Accessibility links

Russia: New Prime Minister Displays Loyalty

  • Floriana Fossato

Vladimir Putin, named Monday (August 9) as Russia's new prime minister, is not well known either in Russia or abroad. RFE/RL Moscow correspondent Floriana Fossato profiles the man currently winning the favor of Russian President Boris Yeltsin.

Moscow, 11 August 1999 (RFE/RL) -- Extreme loyalty to the incumbent Russian president, a solid background in the security services, and a dark sense of humor indicating a tough character -- these are the traits that Vladimir Putin, the former head of Russia's Federal Security Service and former secretary of the country's Security Council, brings to his new job.

In President Boris Yeltsin's latest surprise cabinet reshuffle, Putin was not only nominated acting prime minister. Yeltsin, apparently breaking a self-imposed silence on the hot issue of who he would like to see sitting in the presidential chair after him, even indicated that Putin would be his preferred successor. He praised Putin as the politician "able to consolidate society" and ensure the continuation of reforms.

Russia's Constitution bars Yeltsin from a third term. But several Russian politicians and members of the news media are speculating that the Kremlin is considering the possibility of postponing or canceling elections in a bid to extend the president's term. Many also allege that, most importantly for Yeltsin and his inner circle, the move would allow the present presidential team to avoid prosecution under possibly unfriendly new authorities.

Putin, who has said in the past that he is "not a politician," responded enthusiastically to the presidential call. In an interview broadcast late yesterday on NTV commercial television, Putin was asked whether he was ready to be Yeltsin's successor. He said that he certainly would be, since the president had so ordered.

"I would be absolutely wrong to say that I am not ready, if the president has already said I am."

During the interview, Putin sought to reassure Russians that his nomination would not mean sudden changes in policy. In particular, he promised that there would be "no revolutionary changes" from the economic course of the previous cabinet. He described his main task as "improving the life of the people, the population's standard of living."

Putin denied speculation his appointment presages a move to declare a state of emergency in order to cancel parliamentary elections due in December or presidential elections due next year.

"A decision of the Federation Council [is necessary to declare a state of emergency]. We have examined the possibility to declare a special regime in areas bordering Chechnya. I have already mentioned this. But [declaring] an emergency situation across the country has never been discussed. I repeat. There are no internal preconditions for this. There will be no emergency situation in the country. This is not being planned."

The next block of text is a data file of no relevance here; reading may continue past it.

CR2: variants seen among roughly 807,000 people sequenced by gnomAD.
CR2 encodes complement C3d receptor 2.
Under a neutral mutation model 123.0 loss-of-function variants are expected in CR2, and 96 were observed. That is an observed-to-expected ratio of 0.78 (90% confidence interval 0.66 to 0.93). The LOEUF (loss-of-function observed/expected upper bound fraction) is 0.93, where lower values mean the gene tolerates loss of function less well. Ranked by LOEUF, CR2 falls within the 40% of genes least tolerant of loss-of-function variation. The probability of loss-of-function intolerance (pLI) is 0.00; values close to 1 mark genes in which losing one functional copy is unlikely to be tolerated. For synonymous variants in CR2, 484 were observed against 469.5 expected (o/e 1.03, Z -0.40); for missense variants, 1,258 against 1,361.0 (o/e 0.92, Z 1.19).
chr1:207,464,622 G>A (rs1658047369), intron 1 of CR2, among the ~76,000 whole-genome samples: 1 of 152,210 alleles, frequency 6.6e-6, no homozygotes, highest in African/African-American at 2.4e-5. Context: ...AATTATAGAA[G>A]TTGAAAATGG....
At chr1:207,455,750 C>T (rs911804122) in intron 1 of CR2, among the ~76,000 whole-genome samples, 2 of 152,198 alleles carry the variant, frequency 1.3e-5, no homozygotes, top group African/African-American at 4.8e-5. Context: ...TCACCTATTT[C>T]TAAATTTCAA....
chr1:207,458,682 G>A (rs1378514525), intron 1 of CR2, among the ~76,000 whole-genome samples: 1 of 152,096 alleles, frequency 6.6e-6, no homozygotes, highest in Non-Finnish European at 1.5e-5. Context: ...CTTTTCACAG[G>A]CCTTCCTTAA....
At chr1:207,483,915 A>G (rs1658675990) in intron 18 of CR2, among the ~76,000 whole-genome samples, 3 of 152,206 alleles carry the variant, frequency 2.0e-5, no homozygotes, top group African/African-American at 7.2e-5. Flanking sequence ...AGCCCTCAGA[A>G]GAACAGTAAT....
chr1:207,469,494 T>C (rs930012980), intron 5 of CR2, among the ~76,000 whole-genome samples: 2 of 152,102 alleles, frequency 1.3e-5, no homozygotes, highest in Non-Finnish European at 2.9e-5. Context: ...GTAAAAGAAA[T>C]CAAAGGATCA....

Despite ruling out the introduction of a state of emergency, Putin issued a harsh warning to those who might be planning some kind of unrest. In the past this has involved railroad blockades. He said those involved in similar actions in the future will end up in jail. The worsening of tensions in the Caucasus region of Dagestan over the weekend seems to have been one of several events weakening now former Prime Minister Sergei Stepashin's position in the eyes of the Russian president.

The daily "Kommersant" wrote yesterday that the removal of a former military officer, Stepashin, and the appointment of a former member of the secret service, Putin, "could signify a change of Russia's position in the Caucasus conflict."

But Stepashin had not only reportedly been accused by members of the presidential administration of being "too mild" in his handling of the situation in Dagestan. Political analysts have suggested also that Stepashin was fired because he had been unable to prevent the creation of what Russian media have called "the Kremlin's worse nightmare." This is the new bloc "Fatherland-All Russia," that potentially could boost either Moscow Mayor Yurii Luzhkov or former Prime Minister Yevgeny Primakov into the presidency. Both men are reportedly deeply disliked by the Kremlin administration.

In the NTV interview Putin said that he has "businesslike relations" with Luzhkov. But he also downplayed Luzhkov's political strength. He said that "in general, any unification is a sign of weakness. If they were strong they would not join forces."

But Vladimir Lysenko, a Duma member who also sits in "Fatherland's" political council, told RFE/RL that it is Putin who has little political future. But Lysenko also expressed concern at the possibility of a state of emergency being declared.

"Putin's presidential perspectives are nil. I think Yeltsin's move has worsened the situation for Putin. Making public the name of the preferred successor one year ahead of elections either means that [Putin] will be eaten alive in the next few months or that Yeltsin has decided that all the power will go to an emergency organ and Putin would become, for instance, a dictator, without any presidential election."

A member of the centrist "Yabloko" faction in the State Duma, Viktor Sheinis, says that Putin, instead of becoming president next year, could follow the fate of Stepashin and other prime ministers dismissed by Yeltsin in the last 17 months.

Sheinis told RFE/RL that Stepashin was fired because he failed to ensure "the transfer of power to people who would guarantee a development that Yeltsin and his inner circle would consider positive." Sheinis calls this aim "the squaring of the circle," in a word, impossible. He says that Putin will have no better luck than Stepashin in securing the Kremlin's aim.